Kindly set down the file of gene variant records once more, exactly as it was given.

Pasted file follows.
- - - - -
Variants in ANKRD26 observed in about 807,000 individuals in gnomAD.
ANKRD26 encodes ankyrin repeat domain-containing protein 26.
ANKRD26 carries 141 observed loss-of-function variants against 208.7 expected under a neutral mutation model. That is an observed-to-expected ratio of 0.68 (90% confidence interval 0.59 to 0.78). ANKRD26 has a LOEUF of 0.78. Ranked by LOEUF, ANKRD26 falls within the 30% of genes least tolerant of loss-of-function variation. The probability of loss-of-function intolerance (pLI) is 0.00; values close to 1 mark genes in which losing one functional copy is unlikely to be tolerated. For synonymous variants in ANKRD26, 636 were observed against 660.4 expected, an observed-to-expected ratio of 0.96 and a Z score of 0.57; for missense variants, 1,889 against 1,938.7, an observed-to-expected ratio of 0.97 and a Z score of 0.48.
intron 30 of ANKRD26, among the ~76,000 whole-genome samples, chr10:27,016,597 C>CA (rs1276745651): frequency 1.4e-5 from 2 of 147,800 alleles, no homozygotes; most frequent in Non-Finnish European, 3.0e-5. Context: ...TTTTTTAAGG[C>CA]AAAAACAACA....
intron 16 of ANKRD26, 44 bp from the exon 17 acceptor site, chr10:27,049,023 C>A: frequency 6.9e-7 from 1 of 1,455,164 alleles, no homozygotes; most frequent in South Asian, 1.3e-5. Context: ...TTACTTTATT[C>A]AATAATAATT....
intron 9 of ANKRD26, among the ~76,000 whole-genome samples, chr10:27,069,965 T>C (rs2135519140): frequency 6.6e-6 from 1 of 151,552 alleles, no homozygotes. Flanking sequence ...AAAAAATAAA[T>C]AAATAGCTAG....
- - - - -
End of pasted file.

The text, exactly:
Variants in ANKRD26 observed in about 807,000 individuals in gnomAD.
ANKRD26 encodes ankyrin repeat domain-containing protein 26.
ANKRD26 carries 141 observed loss-of-function variants against 208.7 expected under a neutral mutation model. That is an observed-to-expected ratio of 0.68 (90% confidence interval 0.59 to 0.78). ANKRD26 has a LOEUF of 0.78. Ranked by LOEUF, ANKRD26 falls within the 30% of genes least tolerant of loss-of-function variation. The probability of loss-of-function intolerance (pLI) is 0.00; values close to 1 mark genes in which losing one functional copy is unlikely to be tolerated. For synonymous variants in ANKRD26, 636 were observed against 660.4 expected, an observed-to-expected ratio of 0.96 and a Z score of 0.57; for missense variants, 1,889 against 1,938.7, an observed-to-expected ratio of 0.97 and a Z score of 0.48.
intron 30 of ANKRD26, among the ~76,000 whole-genome samples, chr10:27,016,597 C>CA (rs1276745651): frequency 1.4e-5 from 2 of 147,800 alleles, no homozygotes; most frequent in Non-Finnish European, 3.0e-5. Context: ...TTTTTTAAGG[C>CA]AAAAACAACA....
intron 16 of ANKRD26, 44 bp from the exon 17 acceptor site, chr10:27,049,023 C>A: frequency 6.9e-7 from 1 of 1,455,164 alleles, no homozygotes; most frequent in South Asian, 1.3e-5. Context: ...TTACTTTATT[C>A]AATAATAATT....
intron 9 of ANKRD26, among the ~76,000 whole-genome samples, chr10:27,069,965 T>C (rs2135519140): frequency 6.6e-6 from 1 of 151,552 alleles, no homozygotes. Flanking sequence ...AAAAAATAAA[T>C]AAATAGCTAG....